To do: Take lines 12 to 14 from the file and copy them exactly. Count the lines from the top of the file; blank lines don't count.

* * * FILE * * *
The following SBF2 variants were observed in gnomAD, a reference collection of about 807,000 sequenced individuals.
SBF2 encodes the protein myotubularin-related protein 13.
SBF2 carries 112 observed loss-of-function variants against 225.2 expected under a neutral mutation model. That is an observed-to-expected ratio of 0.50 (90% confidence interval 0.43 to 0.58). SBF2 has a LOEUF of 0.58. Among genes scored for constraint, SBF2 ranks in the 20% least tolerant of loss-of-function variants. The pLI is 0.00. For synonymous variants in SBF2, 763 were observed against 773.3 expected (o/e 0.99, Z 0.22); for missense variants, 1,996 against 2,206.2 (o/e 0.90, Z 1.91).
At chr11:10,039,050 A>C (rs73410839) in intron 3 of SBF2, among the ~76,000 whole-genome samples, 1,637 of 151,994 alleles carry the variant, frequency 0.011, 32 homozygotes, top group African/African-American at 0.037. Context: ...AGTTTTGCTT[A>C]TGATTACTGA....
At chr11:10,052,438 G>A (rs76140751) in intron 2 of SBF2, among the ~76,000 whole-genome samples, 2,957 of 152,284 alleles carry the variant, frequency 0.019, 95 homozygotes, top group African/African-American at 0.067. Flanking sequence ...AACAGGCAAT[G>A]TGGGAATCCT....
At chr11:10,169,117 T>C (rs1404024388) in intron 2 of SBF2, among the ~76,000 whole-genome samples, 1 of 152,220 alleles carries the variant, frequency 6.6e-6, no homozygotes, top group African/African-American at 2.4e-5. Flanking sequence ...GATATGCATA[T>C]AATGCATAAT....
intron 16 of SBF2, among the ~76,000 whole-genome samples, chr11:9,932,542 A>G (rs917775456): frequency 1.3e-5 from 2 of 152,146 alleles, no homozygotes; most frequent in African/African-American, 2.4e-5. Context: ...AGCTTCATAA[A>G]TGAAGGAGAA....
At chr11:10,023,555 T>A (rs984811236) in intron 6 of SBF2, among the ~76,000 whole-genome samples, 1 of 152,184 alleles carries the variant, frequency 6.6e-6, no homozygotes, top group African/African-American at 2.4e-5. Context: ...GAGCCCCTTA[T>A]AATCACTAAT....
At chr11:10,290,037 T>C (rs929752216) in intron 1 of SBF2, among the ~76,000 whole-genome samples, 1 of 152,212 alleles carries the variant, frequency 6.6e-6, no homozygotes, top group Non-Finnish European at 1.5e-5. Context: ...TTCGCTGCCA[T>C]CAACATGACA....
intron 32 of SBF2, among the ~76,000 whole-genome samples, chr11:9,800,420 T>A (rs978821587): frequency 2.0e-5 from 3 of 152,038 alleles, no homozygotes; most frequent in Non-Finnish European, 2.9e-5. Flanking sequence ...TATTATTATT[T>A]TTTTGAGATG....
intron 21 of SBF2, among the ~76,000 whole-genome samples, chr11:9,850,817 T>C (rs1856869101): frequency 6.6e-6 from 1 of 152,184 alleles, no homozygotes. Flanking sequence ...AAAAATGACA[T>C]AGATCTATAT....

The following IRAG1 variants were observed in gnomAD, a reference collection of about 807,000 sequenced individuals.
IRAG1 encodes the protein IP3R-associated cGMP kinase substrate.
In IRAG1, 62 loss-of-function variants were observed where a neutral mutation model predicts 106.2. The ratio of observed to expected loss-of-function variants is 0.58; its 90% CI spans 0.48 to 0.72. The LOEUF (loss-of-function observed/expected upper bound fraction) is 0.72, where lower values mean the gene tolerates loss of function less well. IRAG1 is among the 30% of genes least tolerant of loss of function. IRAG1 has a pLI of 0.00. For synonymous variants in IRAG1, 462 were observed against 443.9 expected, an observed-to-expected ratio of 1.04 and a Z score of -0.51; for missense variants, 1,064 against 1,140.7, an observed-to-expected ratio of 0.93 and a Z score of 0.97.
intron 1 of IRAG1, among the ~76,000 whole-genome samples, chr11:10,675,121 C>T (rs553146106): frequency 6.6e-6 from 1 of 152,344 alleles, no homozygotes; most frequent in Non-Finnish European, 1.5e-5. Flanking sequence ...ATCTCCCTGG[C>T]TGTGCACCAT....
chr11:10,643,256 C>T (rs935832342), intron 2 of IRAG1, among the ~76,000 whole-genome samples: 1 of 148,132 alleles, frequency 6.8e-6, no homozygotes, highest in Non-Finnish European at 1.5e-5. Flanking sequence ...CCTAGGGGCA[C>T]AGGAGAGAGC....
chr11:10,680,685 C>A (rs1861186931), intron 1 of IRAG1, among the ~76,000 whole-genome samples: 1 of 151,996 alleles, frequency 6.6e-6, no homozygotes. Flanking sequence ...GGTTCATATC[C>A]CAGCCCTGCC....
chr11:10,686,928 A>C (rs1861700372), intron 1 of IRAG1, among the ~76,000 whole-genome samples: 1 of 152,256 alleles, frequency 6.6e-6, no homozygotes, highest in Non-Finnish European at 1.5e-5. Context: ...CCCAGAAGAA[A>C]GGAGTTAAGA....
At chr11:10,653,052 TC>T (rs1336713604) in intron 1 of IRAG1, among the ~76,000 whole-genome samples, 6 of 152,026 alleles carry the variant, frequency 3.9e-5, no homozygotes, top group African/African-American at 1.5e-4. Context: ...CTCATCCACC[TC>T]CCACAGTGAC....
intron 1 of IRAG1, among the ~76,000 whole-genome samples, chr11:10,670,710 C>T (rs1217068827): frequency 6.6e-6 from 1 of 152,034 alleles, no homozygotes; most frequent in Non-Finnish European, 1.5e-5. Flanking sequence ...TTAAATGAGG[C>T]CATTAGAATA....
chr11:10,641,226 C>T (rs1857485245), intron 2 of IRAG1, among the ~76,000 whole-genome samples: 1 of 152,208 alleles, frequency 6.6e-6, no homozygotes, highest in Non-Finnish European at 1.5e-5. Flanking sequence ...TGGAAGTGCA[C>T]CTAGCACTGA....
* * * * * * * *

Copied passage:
The following IRAG1 variants were observed in gnomAD, a reference collection of about 807,000 sequenced individuals.
IRAG1 encodes the protein IP3R-associated cGMP kinase substrate.
In IRAG1, 62 loss-of-function variants were observed where a neutral mutation model predicts 106.2. The ratio of observed to expected loss-of-function variants is 0.58; its 90% CI spans 0.48 to 0.72. The LOEUF (loss-of-function observed/expected upper bound fraction) is 0.72, where lower values mean the gene tolerates loss of function less well. IRAG1 is among the 30% of genes least tolerant of loss of function. IRAG1 has a pLI of 0.00. For synonymous variants in IRAG1, 462 were observed against 443.9 expected, an observed-to-expected ratio of 1.04 and a Z score of -0.51; for missense variants, 1,064 against 1,140.7, an observed-to-expected ratio of 0.93 and a Z score of 0.97.